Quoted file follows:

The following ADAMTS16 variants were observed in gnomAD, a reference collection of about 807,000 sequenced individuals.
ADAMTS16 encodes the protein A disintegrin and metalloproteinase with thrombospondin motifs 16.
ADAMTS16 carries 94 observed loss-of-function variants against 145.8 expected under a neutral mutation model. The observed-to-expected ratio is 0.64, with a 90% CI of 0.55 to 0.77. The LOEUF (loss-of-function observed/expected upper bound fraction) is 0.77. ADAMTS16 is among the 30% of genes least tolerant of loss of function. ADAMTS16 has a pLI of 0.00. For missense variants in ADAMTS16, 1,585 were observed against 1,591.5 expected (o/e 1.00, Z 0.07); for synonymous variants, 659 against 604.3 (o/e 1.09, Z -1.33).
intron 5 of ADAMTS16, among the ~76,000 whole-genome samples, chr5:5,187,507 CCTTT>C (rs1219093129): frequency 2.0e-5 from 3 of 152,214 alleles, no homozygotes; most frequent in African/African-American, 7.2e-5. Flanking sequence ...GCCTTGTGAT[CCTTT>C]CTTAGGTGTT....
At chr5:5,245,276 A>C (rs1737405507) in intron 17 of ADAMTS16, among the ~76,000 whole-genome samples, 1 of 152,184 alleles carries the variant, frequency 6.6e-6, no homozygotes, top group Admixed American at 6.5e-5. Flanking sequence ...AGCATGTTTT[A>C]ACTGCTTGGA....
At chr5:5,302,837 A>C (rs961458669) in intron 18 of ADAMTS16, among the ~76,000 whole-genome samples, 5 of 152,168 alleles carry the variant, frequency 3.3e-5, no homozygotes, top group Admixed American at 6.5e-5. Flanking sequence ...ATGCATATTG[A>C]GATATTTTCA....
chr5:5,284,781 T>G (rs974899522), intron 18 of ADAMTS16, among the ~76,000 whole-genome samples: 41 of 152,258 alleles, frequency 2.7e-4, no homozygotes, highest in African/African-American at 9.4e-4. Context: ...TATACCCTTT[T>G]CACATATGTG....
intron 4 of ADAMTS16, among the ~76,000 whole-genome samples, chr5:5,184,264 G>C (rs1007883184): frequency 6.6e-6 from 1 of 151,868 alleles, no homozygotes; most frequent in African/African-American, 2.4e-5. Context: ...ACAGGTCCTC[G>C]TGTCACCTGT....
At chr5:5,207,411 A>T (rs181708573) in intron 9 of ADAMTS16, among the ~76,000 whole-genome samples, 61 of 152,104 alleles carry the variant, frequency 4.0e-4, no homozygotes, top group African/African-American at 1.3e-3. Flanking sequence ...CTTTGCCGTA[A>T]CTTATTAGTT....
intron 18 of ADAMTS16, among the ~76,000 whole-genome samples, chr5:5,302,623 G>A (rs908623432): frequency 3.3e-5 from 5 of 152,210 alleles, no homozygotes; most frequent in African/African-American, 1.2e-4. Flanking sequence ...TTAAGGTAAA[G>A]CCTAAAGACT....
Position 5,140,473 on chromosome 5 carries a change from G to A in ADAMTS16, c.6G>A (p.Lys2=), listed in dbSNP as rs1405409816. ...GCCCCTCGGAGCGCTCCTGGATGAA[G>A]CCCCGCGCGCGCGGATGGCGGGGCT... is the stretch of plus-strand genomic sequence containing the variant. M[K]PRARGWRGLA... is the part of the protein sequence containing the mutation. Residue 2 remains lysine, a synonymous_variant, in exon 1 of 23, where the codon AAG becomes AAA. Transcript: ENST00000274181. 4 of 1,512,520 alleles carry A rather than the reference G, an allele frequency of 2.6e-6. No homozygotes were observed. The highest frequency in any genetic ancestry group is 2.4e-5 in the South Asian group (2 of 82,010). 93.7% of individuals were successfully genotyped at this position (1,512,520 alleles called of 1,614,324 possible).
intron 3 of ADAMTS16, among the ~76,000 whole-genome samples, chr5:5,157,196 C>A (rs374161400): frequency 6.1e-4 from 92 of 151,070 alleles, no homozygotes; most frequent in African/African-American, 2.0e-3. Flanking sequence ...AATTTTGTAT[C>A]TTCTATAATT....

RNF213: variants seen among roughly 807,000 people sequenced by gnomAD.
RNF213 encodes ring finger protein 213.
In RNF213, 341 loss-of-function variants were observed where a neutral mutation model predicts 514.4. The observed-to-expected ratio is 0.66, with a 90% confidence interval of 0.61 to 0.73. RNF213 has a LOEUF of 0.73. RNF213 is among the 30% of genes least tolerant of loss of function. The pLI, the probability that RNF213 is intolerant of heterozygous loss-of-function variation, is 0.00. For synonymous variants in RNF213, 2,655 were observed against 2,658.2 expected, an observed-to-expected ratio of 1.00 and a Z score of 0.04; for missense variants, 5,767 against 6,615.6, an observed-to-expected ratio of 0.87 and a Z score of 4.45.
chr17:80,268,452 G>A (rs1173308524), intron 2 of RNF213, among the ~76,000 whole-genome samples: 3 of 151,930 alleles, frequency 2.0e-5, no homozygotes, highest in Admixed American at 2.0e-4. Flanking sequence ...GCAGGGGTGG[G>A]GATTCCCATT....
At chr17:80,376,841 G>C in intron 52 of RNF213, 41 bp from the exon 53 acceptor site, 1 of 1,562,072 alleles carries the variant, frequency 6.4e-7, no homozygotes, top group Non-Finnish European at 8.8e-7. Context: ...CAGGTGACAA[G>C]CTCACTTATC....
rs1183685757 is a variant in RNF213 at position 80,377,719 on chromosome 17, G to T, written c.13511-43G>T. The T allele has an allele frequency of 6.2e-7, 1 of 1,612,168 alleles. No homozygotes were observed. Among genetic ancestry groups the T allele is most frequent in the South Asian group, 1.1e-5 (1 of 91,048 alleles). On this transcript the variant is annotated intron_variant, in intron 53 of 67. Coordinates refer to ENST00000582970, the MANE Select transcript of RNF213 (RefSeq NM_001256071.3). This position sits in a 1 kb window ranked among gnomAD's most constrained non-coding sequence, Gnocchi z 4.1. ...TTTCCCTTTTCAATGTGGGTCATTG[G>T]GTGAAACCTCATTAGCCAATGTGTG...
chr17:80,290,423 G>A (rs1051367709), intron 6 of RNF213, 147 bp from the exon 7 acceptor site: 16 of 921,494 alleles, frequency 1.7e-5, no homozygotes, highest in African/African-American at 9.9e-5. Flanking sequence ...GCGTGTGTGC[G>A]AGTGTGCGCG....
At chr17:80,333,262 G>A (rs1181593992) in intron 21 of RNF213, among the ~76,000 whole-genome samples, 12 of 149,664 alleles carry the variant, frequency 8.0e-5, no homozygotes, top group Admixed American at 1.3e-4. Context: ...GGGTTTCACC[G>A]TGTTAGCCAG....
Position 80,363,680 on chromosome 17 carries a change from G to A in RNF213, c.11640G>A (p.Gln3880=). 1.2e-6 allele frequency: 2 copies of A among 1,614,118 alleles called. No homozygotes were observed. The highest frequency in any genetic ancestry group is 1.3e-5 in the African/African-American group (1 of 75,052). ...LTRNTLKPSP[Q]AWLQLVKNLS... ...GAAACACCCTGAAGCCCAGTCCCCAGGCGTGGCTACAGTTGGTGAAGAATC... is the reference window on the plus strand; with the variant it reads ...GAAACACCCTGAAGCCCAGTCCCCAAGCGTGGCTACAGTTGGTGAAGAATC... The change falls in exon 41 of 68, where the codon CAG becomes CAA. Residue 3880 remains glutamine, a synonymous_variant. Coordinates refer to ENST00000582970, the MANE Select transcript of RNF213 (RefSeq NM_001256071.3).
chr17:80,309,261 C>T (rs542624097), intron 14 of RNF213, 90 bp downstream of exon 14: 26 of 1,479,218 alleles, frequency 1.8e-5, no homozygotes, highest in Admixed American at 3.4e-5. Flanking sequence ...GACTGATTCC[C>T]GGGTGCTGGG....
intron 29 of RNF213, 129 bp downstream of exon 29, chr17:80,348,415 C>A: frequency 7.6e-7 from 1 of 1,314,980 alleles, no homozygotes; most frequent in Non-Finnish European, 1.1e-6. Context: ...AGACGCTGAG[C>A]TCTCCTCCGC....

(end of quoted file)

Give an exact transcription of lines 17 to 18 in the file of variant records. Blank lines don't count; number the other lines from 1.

At chr17:80,376,841 G>C in intron 52 of RNF213, 41 bp from the exon 53 acceptor site, 1 of 1,562,072 alleles carries the variant, frequency 6.4e-7, no homozygotes, top group Non-Finnish European at 8.8e-7. Context: ...CAGGTGACAA[G>C]CTCACTTATC....
rs1183685757 is a variant in RNF213 at position 80,377,719 on chromosome 17, G to T, written c.13511-43G>T. The T allele has an allele frequency of 6.2e-7, 1 of 1,612,168 alleles. No homozygotes were observed. Among genetic ancestry groups the T allele is most frequent in the South Asian group, 1.1e-5 (1 of 91,048 alleles). On this transcript the variant is annotated intron_variant, in intron 53 of 67. Coordinates refer to ENST00000582970, the MANE Select transcript of RNF213 (RefSeq NM_001256071.3). This position sits in a 1 kb window ranked among gnomAD's most constrained non-coding sequence, Gnocchi z 4.1. ...TTTCCCTTTTCAATGTGGGTCATTG[G>T]GTGAAACCTCATTAGCCAATGTGTG...